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A millennium after ancient Egyptian pharaoh Ramses II rule, archaeologists have announced the discovery of more than 2,000 rams’ heads at the temple he once walked.

A team of archaeologists with New York University’s Institute for the Study of the Ancient World (ISAW) made the discovery in the city of Abydos, one of the oldest cities and richest archaeological sites in Egypt. It’s located about seven miles west of the Nile River in Upper Egypt, some 270 miles south of Cairo, according to CBS News.

The ram skulls were found stacked in the northern precinct of the temple, said Egypt’s Ministry of Tourism and Antiquities, which announced the discovery on Saturday.  

“We came across some random pieces of skulls first,” Dr. Sameh Iskander, head of the ISAW mission, told CBS News. “We didn’t know what they were, but as we continued our excavation and exploration, all of sudden we found a whole area filled with ram skulls.”

A mummified ram’s head, discovered in a storeroom in the ancient temple of Ramses II in Abydos, Egypt, is seen in a photo provided by the Egyptian Ministry of Tourism and Antiquities, March 25, 2023.EGYPTIAN MINISTRY OF TOURISM AND ANTIQUITIES

“These are obviously offerings that were made to the temple of Ramses during the Ptolomaic period, which shows even 1,000 years after Ramses II, that he was still revered.” Ramses II ruled over ancient Egypt for about 60 years before his death in 1213 BC.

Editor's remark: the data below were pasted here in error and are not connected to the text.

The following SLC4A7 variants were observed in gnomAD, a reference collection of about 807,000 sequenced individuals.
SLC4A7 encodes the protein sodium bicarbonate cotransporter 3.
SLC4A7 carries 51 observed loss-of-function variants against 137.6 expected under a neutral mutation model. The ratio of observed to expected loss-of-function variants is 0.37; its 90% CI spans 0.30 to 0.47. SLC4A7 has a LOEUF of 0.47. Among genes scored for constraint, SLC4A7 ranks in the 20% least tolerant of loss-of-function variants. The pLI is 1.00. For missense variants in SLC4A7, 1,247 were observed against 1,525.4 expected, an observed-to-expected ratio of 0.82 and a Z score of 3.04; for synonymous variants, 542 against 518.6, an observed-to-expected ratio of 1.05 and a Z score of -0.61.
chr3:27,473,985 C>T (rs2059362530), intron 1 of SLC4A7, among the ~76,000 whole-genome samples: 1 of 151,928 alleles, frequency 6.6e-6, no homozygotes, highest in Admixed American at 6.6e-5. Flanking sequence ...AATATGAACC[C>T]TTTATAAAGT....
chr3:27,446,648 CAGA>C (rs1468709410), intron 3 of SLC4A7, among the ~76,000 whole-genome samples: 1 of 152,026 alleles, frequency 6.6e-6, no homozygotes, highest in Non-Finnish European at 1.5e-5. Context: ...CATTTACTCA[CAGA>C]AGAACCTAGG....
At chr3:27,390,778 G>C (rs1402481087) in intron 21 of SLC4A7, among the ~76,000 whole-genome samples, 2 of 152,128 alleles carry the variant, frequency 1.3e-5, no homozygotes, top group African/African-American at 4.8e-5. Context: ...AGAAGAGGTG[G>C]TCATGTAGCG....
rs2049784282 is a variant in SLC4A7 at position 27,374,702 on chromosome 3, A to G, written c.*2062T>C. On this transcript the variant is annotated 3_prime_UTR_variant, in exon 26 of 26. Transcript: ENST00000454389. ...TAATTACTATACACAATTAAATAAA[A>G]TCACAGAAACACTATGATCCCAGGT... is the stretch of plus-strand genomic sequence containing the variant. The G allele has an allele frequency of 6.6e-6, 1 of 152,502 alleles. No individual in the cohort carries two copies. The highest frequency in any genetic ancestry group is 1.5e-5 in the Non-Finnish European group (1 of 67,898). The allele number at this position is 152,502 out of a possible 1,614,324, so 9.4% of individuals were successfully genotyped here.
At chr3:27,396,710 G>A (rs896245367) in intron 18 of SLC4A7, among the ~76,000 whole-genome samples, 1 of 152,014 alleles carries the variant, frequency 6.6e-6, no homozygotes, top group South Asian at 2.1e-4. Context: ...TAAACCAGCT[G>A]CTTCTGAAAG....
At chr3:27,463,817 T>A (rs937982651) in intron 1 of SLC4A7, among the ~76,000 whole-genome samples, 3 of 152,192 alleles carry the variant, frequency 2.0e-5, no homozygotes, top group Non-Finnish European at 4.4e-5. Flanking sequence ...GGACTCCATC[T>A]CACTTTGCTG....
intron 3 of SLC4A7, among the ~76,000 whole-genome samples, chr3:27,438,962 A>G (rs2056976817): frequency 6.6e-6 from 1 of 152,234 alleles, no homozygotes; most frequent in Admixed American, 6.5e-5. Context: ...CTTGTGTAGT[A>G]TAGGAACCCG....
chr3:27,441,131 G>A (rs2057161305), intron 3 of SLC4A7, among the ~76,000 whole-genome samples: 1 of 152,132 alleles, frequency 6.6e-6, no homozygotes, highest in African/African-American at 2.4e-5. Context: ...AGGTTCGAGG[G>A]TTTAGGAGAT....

Iskander explained that some of the ram heads were still mummified, while “others could have been mummified but the wrappings or the covers of mummifications were not there anymore.”

The skulls were found among other objects, from papyrus to leather artifacts and statues, about six feet under the contemporary surface of the desert in what had been a storeroom of the ancient temple. 

CBS News reports the archeologists also unearthed a large structure made of mudbricks with walls about 16 feet thick dating back about 4,200 years, to ancient Egypt’s Sixth Dynasty.

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“It is a major structure that will change our concept of the landscape of Abydos. This wall was built for something, it was at least 30 feet high.” Iskander said. “We don’t know exactly what this wall is. It’s possible that this was a wall of the antient Abydos, which was never found. Could it be something else? Maybe, that’s what we are working on now.”

The mission also found other mummified animal remains, including dogs, goats, cows and gazelles. 

Hailing from Charlotte North Carolina, born litterateur Ezekiel J. Walker earned a B.A. in Psychology at Winston Salem State University. Walker later published his first creative nonfiction book and has...

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